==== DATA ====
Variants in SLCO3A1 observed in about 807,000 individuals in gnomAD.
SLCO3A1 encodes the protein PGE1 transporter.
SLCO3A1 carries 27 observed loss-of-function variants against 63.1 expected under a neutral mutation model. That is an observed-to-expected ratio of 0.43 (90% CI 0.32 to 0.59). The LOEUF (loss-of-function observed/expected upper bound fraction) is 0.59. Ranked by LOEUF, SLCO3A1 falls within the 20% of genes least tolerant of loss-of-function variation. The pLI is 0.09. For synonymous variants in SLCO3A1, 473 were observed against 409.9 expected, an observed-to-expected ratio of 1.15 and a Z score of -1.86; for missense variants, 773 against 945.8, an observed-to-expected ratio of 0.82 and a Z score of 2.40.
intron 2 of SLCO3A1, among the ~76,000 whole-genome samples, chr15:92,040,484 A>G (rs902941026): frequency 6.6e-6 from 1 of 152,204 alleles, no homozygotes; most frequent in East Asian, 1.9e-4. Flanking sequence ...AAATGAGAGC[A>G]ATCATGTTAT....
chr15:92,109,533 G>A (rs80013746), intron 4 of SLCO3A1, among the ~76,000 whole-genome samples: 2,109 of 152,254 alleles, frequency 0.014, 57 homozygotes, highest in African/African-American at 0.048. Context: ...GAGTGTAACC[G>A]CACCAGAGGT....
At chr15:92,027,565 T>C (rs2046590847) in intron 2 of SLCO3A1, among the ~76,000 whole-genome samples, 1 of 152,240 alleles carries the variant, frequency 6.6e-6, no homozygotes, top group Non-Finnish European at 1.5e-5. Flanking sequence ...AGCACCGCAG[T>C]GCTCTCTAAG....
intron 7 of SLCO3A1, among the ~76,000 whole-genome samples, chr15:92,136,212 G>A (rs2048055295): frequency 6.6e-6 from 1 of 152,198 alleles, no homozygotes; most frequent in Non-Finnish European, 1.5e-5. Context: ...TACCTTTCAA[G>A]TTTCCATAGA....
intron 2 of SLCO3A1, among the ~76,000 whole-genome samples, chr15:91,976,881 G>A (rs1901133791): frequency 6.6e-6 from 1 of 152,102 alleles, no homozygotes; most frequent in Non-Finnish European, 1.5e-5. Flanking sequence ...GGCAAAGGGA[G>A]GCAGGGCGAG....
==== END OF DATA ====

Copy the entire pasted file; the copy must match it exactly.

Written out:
Variants in SLCO3A1 observed in about 807,000 individuals in gnomAD.
SLCO3A1 encodes the protein PGE1 transporter.
SLCO3A1 carries 27 observed loss-of-function variants against 63.1 expected under a neutral mutation model. That is an observed-to-expected ratio of 0.43 (90% CI 0.32 to 0.59). The LOEUF (loss-of-function observed/expected upper bound fraction) is 0.59. Ranked by LOEUF, SLCO3A1 falls within the 20% of genes least tolerant of loss-of-function variation. The pLI is 0.09. For synonymous variants in SLCO3A1, 473 were observed against 409.9 expected, an observed-to-expected ratio of 1.15 and a Z score of -1.86; for missense variants, 773 against 945.8, an observed-to-expected ratio of 0.82 and a Z score of 2.40.
intron 2 of SLCO3A1, among the ~76,000 whole-genome samples, chr15:92,040,484 A>G (rs902941026): frequency 6.6e-6 from 1 of 152,204 alleles, no homozygotes; most frequent in East Asian, 1.9e-4. Flanking sequence ...AAATGAGAGC[A>G]ATCATGTTAT....
chr15:92,109,533 G>A (rs80013746), intron 4 of SLCO3A1, among the ~76,000 whole-genome samples: 2,109 of 152,254 alleles, frequency 0.014, 57 homozygotes, highest in African/African-American at 0.048. Context: ...GAGTGTAACC[G>A]CACCAGAGGT....
At chr15:92,027,565 T>C (rs2046590847) in intron 2 of SLCO3A1, among the ~76,000 whole-genome samples, 1 of 152,240 alleles carries the variant, frequency 6.6e-6, no homozygotes, top group Non-Finnish European at 1.5e-5. Flanking sequence ...AGCACCGCAG[T>C]GCTCTCTAAG....
intron 7 of SLCO3A1, among the ~76,000 whole-genome samples, chr15:92,136,212 G>A (rs2048055295): frequency 6.6e-6 from 1 of 152,198 alleles, no homozygotes; most frequent in Non-Finnish European, 1.5e-5. Context: ...TACCTTTCAA[G>A]TTTCCATAGA....
intron 2 of SLCO3A1, among the ~76,000 whole-genome samples, chr15:91,976,881 G>A (rs1901133791): frequency 6.6e-6 from 1 of 152,102 alleles, no homozygotes; most frequent in Non-Finnish European, 1.5e-5. Flanking sequence ...GGCAAAGGGA[G>A]GCAGGGCGAG....